Gassy Baby! Something You Ate? Maybe Not!
5 Helpful Tips for Gassy Babies & Their Moms
Anyone who has walked the floor at night with a gassy baby will agree to give up anything if it will stop the pain. Sleep deprived, jiggling an increasingly heavy baby, I racked my brain. What in the world had I eaten to cause this misery? Was it the cauliflower? The tomato soup? The white sauce?
People suggested all kinds of foods I should give up. Onions, Garlic, Wheat, etc. I began to wonder what would be left to eat.
Being vegetarian requires enough creativity without cutting out half the options. I pictured myself dutifully forking up bland rice with unvaried vegetables. It was not a nice thought. Good food is just about the only luxury I enjoy, and I didn’t want to give it up just on the off chance it might help with the gas.
So I did my research. Keep in mind I’m not an expert – I’m just one Mom sharing what I learned. To my great relief, it turns out food isn’t the number one culprit in gassy babies.
1. Air is the number one culprit:
As in the swallowing of air. Babies can swallow air while nursing, or while crying. That’s easy enough to solve. Frequent burping while nursing fixes the first cause, and quick comforting keeps crying to a minimum.
I try to prevent crying anyway for a happy baby and my blood pressure, not to mention my eardrums!
2. Breast Milk Oversupply:
If Air isn’t the problem, it might be Breast Milk Oversupply causing gas. That’s one I wouldn’t have thought of.
Lots of milk is a good thing, right? Yes – if you have twins. If not, the baby can get too much foremilk (the watery sugary stuff that comes out first) and not enough hindmilk (the thick fatty stuff). The hindmilk slows down digestion, which helps prevent gas.
I noticed a big reduction in gas after I worked with a lactation consultant to fix Yosie’s latching problems. Lactation specialists can also help with the problem of too much breast milk, but be careful of solutions that reduce your milk supply.
Breast milk oversupply can become an under supply in a hurry, especially when baby has a growth spurt. I ended up pumping out the excess breast milk and storing it in the freezer. It has come in very handy during those growth spurts I just mentioned.
Having solved air and oversupply problems, I read that the only real cure for gassy babies is time. Babies have immature digestive systems, and they suffer from gas because of it. Most of them grow out of the gasiness at around three or four months of age.
That is not comforting in the middle of the night.
4. Food Intolerance:
If the baby’s gas is a result of food intolerance, there are likely to be other symptoms. Rash and frequent spitting up are the two I saw mentioned most often, along with vomiting and congestion.
Surprisingly, the foods that give Mom gas supposedly aren’t a problem. So don’t go giving up broccoli and beans just yet. That food reaction is local to your own GI tract.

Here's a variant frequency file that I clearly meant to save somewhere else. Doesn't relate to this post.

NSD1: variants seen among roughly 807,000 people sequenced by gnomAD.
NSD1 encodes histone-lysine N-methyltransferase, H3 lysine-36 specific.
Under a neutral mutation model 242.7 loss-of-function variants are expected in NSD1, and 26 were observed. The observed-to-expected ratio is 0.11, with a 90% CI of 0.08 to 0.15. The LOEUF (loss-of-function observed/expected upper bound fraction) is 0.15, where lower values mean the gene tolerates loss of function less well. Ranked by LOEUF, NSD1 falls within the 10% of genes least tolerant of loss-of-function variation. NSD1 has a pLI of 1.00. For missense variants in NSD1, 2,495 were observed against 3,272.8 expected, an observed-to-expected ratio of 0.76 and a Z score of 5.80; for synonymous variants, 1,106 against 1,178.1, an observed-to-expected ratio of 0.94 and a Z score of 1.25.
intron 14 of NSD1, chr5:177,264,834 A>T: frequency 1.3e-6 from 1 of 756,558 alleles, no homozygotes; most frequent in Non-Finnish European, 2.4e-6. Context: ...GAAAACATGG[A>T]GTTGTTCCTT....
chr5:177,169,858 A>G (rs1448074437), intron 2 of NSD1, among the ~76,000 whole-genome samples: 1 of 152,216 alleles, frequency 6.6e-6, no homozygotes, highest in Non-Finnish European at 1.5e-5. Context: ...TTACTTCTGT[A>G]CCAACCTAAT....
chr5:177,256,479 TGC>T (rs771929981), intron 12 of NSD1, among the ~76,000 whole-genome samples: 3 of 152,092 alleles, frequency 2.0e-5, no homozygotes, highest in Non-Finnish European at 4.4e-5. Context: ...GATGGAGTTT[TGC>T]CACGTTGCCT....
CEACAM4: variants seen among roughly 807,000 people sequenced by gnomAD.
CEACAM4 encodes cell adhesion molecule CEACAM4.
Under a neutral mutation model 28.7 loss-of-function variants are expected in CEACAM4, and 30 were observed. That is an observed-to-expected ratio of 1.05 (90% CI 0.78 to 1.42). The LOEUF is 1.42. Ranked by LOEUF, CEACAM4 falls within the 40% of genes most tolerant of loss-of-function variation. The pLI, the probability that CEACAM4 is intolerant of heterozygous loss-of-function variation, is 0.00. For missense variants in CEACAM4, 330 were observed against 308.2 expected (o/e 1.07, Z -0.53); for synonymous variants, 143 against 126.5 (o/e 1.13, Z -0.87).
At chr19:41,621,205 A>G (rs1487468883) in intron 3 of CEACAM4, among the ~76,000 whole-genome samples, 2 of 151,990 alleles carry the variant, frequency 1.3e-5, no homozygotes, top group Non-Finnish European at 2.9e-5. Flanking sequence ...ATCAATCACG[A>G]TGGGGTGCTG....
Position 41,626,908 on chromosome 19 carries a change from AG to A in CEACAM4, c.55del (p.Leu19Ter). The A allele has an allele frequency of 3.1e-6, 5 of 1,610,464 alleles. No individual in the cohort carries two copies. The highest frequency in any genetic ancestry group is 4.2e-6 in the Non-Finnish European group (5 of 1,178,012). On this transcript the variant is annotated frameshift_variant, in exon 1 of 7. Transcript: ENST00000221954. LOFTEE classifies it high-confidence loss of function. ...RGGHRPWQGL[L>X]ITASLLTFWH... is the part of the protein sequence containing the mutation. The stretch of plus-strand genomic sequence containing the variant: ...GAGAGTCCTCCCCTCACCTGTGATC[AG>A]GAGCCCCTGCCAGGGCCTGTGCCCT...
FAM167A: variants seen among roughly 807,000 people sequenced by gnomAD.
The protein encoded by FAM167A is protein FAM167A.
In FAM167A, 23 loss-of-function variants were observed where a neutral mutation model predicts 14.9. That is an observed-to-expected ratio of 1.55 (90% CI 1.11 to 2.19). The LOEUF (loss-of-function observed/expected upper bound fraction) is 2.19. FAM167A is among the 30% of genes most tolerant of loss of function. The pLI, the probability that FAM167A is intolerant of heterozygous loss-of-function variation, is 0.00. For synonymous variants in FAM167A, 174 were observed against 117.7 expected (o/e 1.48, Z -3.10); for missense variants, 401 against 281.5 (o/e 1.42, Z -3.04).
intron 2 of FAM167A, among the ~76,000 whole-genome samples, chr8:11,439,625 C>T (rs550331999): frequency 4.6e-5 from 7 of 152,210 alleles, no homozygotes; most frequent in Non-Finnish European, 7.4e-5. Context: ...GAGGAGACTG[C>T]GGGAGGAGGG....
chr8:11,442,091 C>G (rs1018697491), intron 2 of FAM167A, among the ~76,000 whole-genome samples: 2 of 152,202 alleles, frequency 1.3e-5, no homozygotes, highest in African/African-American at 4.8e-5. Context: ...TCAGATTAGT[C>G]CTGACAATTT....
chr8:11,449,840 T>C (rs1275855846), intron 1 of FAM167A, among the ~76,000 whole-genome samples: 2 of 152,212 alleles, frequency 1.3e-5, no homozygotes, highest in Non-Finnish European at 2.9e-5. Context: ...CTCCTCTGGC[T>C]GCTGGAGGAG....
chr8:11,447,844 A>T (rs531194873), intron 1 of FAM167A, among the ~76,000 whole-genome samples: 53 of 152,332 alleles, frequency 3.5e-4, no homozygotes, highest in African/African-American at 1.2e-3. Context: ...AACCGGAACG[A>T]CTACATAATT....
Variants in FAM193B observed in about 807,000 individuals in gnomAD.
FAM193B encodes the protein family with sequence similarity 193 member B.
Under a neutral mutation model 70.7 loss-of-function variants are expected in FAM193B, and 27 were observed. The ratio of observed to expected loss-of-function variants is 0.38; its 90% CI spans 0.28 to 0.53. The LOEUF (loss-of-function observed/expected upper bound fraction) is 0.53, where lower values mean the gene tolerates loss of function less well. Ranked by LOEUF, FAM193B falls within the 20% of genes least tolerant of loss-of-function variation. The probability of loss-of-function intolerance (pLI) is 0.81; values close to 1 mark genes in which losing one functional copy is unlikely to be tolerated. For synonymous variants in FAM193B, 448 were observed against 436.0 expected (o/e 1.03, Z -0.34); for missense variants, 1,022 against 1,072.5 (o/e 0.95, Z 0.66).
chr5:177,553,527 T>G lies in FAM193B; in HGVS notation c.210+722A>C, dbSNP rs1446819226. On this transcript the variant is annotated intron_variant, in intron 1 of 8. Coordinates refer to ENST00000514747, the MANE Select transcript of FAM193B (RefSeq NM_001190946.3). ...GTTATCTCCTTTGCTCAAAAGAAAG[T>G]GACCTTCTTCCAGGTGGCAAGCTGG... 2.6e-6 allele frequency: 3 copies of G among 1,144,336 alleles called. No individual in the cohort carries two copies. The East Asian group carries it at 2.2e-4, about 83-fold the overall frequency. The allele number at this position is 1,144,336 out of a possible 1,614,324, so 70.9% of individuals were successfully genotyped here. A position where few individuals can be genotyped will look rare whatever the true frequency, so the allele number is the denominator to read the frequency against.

Fiber and undigested food don’t pass from your GI tract to the blood and into the milk. It’s the food components, like small chains of proteins, that pass from the GI tract, end up in your breast milk and give your baby’s immature digestive system a hard time.
The most common food villain is dairy, particularly excess consumption. You might get by with the white sauce, but don’t follow it with ice cream for dessert!
Before you vegans start gloating about your dairy free state, I’d like to add that half the babies with dairy intolerance are also soy intolerant. Ouch!
5. Food Allergies:
Other foods that might be a problem are common allergens such as wheat, fish, eggs, and peanuts.
If you have a family history of food allergies, and none of the other issues I mentioned are making your baby miserable, it’s worth doing an elimination trial to rule out these suspects. Eliminate each food from your diet for a week and see if it makes a difference.
It’s worth noting that food intolerances can go away as a baby’s digestive system matures, so you should try reintroducing any foods you have had to eliminate. Don’t assume he or she is allergic forever just because a food is causing colic now.
Every Baby is Different:
It’s also worth noting that even though all of the sources I read denied the link between gas causing foods in mom and colic in her baby, none of them were willing to rule it out entirely. Every baby is different, and there’s always a baby who defies all the rules.
One mother in my Facebook Moms group did an elimination diet, and found that corn was a problem for her son. Another mom, feeding donated breast milk, found that a properly warm bottle made all the difference.
All the experts say that breast milk is the easiest thing to digest, problems or not. It is designed for baby’s tender new tummy, and nothing else comes close as the perfect nutrition for baby.
But of course, there’s an exception to that rule too. One poor mom told me about trying every possible thing, giving up almost every food, giving infant probiotics, using colic calm … you name it, she tried it. Finally she had to put her baby on a hypoallergenic soy formula, which worked.
I can’t imagine all the heartbreaking, sleepless nights she must have spent with her baby, desperate for a solution.
I’ve come to the conclusion that a nursing mom can try all the obvious solutions listed above, and most likely get relief that way. But Moms have to follow their intuition above all. If you think it’s the tomatoes, it just might be. And it won’t hurt to cut them out for a while to see if it helps.
A mom’s gotta do what a mom’s gotta do! Zoe Keeland, Veggie Mom
References: A few sources that I found very helpful
Thanks also to the ladies in my moms group, who generously shared their personal stories.